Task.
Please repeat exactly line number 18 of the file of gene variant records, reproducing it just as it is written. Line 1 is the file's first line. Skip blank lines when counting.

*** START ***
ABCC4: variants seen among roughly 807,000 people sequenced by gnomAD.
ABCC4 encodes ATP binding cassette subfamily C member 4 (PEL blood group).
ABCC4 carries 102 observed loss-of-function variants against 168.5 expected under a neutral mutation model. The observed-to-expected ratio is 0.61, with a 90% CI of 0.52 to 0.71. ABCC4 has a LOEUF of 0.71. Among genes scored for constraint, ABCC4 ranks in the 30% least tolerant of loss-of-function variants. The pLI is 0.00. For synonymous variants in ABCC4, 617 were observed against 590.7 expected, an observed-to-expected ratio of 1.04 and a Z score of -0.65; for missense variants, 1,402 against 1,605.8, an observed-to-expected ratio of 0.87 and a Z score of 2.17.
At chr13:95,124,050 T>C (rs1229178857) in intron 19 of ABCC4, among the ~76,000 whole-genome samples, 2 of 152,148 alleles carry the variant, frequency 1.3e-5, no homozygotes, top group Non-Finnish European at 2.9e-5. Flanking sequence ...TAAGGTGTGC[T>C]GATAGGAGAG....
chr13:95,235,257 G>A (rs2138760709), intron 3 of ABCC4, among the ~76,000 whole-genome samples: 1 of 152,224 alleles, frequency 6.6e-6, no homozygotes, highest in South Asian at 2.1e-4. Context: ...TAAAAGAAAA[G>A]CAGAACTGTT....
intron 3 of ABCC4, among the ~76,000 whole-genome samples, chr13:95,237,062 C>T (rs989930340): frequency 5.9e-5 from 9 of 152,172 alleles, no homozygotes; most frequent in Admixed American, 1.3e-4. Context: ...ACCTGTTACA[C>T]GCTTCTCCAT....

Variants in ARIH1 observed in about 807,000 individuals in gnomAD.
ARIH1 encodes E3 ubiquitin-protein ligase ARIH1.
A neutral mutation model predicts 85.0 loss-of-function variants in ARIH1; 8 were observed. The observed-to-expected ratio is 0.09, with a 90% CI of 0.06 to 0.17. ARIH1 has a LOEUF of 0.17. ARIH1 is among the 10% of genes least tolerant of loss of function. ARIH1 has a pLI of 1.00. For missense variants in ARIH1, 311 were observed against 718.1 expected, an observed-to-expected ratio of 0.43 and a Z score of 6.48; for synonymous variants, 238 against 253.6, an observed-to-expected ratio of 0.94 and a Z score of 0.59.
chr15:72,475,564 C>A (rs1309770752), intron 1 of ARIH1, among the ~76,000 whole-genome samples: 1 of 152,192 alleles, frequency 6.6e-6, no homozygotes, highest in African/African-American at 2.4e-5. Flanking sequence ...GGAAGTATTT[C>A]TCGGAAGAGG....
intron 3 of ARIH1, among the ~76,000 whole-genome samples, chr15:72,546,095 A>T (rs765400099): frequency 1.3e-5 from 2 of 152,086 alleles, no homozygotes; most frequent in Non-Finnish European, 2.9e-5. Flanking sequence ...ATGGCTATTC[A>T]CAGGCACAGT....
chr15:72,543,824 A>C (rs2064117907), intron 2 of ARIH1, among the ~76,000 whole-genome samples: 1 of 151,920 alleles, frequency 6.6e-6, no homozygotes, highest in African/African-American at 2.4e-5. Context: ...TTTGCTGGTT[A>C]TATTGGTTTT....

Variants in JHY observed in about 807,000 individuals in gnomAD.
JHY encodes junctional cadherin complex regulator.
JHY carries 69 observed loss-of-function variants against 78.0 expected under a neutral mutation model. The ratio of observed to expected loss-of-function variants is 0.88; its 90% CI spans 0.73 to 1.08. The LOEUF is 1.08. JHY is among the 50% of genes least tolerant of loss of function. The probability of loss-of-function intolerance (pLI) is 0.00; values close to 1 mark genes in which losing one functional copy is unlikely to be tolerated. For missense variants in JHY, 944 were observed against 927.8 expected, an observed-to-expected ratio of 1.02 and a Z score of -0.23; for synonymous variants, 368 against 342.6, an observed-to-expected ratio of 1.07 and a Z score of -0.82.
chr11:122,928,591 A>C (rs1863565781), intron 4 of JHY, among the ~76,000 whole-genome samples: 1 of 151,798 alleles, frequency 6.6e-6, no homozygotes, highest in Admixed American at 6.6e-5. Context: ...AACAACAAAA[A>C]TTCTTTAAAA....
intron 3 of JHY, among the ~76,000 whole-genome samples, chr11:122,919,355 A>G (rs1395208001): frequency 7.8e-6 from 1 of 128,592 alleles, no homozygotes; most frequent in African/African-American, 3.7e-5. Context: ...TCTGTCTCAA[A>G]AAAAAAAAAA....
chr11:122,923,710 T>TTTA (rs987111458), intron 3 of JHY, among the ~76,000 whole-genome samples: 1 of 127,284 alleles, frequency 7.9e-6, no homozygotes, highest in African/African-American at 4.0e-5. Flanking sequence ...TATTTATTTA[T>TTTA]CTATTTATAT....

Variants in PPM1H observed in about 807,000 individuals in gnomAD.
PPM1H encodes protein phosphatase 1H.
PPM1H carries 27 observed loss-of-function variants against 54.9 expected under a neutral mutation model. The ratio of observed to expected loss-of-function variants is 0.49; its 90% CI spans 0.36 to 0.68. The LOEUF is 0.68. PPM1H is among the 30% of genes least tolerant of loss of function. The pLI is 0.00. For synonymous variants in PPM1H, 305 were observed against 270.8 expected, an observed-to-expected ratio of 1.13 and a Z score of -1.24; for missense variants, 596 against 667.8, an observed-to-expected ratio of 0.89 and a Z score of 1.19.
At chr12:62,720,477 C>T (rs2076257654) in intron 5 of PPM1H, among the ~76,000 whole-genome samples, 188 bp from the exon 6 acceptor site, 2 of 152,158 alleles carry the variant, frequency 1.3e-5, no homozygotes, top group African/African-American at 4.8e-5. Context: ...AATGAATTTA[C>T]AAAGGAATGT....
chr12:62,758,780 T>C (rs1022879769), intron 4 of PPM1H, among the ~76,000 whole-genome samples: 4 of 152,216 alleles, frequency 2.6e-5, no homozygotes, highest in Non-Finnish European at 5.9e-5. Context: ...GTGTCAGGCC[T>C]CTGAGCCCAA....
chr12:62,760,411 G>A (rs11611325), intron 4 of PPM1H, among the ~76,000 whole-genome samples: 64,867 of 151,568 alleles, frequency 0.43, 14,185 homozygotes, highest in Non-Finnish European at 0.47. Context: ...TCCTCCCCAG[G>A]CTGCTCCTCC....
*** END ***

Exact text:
chr11:122,923,710 T>TTTA (rs987111458), intron 3 of JHY, among the ~76,000 whole-genome samples: 1 of 127,284 alleles, frequency 7.9e-6, no homozygotes, highest in African/African-American at 4.0e-5. Flanking sequence ...TATTTATTTA[T>TTTA]CTATTTATAT....